Genge's Ground

Genge's Ground

A field within the great manorial East Field


Genge's Ground (Parcel 924) was a large field, with a spur running west at its southwest corner, within the great East Field of Kingston Manor. The 1743 Terrier recorded "Genge's two grounds" which may have meant that the field and spur were separate at this time.

At the time of the 1846 Tithe Apportionment it was one field owned by William Hawker Helyar and let to John Longman as part of Great Lyde Farm. Measuring 8a 3r 30p, it was used as pasture for grazing animals.

Genge's Ground was bounded on the north by Lyde brook (now piped underground) and separating it from Long Orchard (Parcel 899). It was bounded on the west by Great Lyde (parcel 929), to the south by Hather Mead Hill (Parcel 927) and Higher Sleight (Parcel 926) and to the east by Higher Sleight (Parcel 925) and Lyde Brook (Parcel 923).

At the time of the 1946 aerial photograph, seen below, Genge's Ground remained an open field with the spur more or less merged with Great Lyde. Today Genge's Ground contains houses and gardens of Chatsworth Road to the north, at centre houses of St John's Road either side of Hawthorn Road and, at the south, houses of the western end of Welbeck Road.

For details on historic land measurement (ie acres, roods and perches) click here.



This map, based on the descriptions in the 1589 Terrier and the 1846 Tithe Map of Yeovil shows the approximate boundaries of the Manors of Kingston and Hendford as well as the manorial three-field system used in Kingston.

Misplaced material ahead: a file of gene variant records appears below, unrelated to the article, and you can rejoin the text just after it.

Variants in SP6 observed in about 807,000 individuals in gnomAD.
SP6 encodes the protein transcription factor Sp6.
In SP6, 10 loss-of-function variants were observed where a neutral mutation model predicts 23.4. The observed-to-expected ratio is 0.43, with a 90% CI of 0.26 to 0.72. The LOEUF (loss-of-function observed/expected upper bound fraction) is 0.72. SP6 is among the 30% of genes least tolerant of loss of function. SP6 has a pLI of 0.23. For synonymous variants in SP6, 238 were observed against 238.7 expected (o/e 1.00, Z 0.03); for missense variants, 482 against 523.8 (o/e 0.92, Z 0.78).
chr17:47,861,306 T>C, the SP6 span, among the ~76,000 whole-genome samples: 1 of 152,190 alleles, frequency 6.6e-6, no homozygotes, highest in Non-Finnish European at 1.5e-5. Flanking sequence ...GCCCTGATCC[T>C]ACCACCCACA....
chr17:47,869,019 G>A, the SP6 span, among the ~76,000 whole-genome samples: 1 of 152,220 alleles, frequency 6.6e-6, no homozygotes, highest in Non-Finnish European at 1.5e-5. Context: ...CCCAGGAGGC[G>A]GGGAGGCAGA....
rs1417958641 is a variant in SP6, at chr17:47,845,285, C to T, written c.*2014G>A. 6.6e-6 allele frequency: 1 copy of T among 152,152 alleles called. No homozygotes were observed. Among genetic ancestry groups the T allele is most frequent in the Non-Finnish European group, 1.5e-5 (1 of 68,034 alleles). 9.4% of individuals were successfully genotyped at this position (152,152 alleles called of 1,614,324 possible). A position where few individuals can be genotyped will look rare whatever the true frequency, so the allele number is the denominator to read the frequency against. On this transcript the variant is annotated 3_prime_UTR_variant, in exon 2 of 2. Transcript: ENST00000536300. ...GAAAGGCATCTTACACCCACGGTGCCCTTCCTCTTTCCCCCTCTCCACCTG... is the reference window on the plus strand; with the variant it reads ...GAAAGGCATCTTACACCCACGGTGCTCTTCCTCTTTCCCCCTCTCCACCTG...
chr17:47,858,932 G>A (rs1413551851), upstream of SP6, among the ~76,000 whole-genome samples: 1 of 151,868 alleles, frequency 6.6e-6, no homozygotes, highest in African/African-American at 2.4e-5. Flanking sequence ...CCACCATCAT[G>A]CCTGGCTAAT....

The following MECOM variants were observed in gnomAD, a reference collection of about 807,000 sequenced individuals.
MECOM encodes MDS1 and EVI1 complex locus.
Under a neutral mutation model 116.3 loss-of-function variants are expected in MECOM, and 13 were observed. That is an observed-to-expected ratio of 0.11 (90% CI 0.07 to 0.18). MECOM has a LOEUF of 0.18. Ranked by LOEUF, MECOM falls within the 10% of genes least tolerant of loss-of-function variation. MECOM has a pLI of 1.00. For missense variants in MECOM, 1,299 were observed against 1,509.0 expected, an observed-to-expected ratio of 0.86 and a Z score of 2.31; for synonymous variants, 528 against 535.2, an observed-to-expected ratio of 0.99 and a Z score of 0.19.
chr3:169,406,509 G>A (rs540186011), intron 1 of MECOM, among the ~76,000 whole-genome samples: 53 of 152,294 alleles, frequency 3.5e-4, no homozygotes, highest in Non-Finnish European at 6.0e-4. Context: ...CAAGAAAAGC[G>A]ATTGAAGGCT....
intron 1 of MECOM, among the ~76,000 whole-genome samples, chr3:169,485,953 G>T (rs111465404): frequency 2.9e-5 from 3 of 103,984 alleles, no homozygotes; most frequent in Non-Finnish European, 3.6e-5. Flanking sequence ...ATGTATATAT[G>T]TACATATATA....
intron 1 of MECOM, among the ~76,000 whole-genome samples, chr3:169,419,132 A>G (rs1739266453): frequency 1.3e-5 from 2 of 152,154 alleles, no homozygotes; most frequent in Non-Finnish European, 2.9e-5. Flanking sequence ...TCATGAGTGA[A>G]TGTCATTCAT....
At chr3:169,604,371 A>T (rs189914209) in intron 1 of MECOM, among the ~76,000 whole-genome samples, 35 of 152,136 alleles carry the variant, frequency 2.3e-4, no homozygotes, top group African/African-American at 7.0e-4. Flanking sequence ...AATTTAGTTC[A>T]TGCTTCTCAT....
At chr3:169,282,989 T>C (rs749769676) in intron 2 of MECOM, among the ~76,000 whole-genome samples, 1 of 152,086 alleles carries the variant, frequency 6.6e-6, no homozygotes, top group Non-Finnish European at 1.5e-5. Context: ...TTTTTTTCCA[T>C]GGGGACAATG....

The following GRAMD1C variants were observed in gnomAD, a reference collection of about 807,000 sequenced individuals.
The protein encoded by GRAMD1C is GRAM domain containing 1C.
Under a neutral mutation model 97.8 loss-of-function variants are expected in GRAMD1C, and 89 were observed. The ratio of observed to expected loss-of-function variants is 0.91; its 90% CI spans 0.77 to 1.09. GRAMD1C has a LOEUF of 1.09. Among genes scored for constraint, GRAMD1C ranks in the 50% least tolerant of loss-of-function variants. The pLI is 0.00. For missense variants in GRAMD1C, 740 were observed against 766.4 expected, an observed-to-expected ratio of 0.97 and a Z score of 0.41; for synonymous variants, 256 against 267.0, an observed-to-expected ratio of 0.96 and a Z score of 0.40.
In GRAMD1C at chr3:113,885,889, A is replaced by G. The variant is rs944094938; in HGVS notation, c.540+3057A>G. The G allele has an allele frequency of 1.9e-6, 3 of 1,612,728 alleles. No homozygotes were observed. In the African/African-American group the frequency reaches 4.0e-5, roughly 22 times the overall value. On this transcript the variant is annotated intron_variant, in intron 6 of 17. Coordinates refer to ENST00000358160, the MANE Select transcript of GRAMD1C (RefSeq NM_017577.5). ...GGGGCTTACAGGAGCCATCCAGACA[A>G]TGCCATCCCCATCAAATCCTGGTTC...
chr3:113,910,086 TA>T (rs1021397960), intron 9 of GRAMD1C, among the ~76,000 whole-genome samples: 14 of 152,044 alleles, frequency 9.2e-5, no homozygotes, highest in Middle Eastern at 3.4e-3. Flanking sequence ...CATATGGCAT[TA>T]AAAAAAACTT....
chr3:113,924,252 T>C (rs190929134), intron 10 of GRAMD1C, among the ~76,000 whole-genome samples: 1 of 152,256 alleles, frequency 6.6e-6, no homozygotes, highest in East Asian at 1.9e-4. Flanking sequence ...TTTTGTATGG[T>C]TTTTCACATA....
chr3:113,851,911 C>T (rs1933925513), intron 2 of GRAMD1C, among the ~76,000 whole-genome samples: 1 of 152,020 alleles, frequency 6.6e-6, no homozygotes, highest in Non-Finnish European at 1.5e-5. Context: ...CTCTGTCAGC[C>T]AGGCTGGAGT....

A map of the great Medieval East Field of Kingston Manor showing conjectured locations of several fields based on descriptions in the 1589 Terrier.


Drawn from the 1846 Tithe Map with field names added from the 1846 Tithe Apportionment, with Genge's Ground at top, right of centre.


The 1946 aerial survey photograph (somewhat mis-aligned at bottom left) with parcel numbers of 1846 plotted on.


The 1843 Tithe Map overlaid onto a modern map of the area.




Photographed in 2016 from outside the Yellow Wagtail and looking west along St John's Road. The top of the hill (the houses to the right of the bus) was the highest point of Hather Mead Hill. The road and the bungalows to the left were built on Great Lyde (Parcel 929) and the houses to the right of the road were built in the spur of Genge's Ground (Parcel 924).